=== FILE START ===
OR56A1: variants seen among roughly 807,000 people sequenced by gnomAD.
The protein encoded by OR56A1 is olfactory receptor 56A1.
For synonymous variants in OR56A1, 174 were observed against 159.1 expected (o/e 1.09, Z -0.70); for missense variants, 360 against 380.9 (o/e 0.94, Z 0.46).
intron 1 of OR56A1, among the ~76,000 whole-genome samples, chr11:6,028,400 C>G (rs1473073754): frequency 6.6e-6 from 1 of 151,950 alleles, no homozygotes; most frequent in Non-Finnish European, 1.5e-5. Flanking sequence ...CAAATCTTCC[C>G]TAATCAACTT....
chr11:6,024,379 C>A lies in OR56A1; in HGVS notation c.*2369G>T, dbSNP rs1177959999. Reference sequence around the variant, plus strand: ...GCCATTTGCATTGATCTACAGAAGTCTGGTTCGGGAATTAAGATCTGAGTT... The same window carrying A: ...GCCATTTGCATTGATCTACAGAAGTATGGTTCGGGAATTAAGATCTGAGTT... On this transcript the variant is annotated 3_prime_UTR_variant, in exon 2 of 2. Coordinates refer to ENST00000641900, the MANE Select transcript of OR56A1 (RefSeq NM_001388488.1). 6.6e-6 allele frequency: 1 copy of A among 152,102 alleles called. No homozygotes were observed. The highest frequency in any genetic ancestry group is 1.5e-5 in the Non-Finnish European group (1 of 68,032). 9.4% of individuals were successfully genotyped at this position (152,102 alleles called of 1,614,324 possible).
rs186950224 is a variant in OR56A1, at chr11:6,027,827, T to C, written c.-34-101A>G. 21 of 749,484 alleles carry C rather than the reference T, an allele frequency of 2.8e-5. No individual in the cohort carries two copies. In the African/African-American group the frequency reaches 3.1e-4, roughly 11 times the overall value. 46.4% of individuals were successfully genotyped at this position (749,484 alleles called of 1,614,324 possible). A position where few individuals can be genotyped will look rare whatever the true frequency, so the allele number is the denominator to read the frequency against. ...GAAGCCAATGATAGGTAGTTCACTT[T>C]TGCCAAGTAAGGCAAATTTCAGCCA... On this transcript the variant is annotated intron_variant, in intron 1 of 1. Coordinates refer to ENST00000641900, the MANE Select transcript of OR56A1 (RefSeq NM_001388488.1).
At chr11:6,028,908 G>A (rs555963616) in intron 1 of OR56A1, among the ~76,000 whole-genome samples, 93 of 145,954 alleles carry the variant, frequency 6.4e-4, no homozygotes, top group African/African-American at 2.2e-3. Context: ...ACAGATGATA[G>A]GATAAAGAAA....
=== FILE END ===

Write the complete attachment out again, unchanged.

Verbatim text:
OR56A1: variants seen among roughly 807,000 people sequenced by gnomAD.
The protein encoded by OR56A1 is olfactory receptor 56A1.
For synonymous variants in OR56A1, 174 were observed against 159.1 expected (o/e 1.09, Z -0.70); for missense variants, 360 against 380.9 (o/e 0.94, Z 0.46).
intron 1 of OR56A1, among the ~76,000 whole-genome samples, chr11:6,028,400 C>G (rs1473073754): frequency 6.6e-6 from 1 of 151,950 alleles, no homozygotes; most frequent in Non-Finnish European, 1.5e-5. Flanking sequence ...CAAATCTTCC[C>G]TAATCAACTT....
chr11:6,024,379 C>A lies in OR56A1; in HGVS notation c.*2369G>T, dbSNP rs1177959999. Reference sequence around the variant, plus strand: ...GCCATTTGCATTGATCTACAGAAGTCTGGTTCGGGAATTAAGATCTGAGTT... The same window carrying A: ...GCCATTTGCATTGATCTACAGAAGTATGGTTCGGGAATTAAGATCTGAGTT... On this transcript the variant is annotated 3_prime_UTR_variant, in exon 2 of 2. Coordinates refer to ENST00000641900, the MANE Select transcript of OR56A1 (RefSeq NM_001388488.1). 6.6e-6 allele frequency: 1 copy of A among 152,102 alleles called. No homozygotes were observed. The highest frequency in any genetic ancestry group is 1.5e-5 in the Non-Finnish European group (1 of 68,032). 9.4% of individuals were successfully genotyped at this position (152,102 alleles called of 1,614,324 possible).
rs186950224 is a variant in OR56A1, at chr11:6,027,827, T to C, written c.-34-101A>G. 21 of 749,484 alleles carry C rather than the reference T, an allele frequency of 2.8e-5. No individual in the cohort carries two copies. In the African/African-American group the frequency reaches 3.1e-4, roughly 11 times the overall value. 46.4% of individuals were successfully genotyped at this position (749,484 alleles called of 1,614,324 possible). A position where few individuals can be genotyped will look rare whatever the true frequency, so the allele number is the denominator to read the frequency against. ...GAAGCCAATGATAGGTAGTTCACTT[T>C]TGCCAAGTAAGGCAAATTTCAGCCA... On this transcript the variant is annotated intron_variant, in intron 1 of 1. Coordinates refer to ENST00000641900, the MANE Select transcript of OR56A1 (RefSeq NM_001388488.1).
At chr11:6,028,908 G>A (rs555963616) in intron 1 of OR56A1, among the ~76,000 whole-genome samples, 93 of 145,954 alleles carry the variant, frequency 6.4e-4, no homozygotes, top group African/African-American at 2.2e-3. Context: ...ACAGATGATA[G>A]GATAAAGAAA....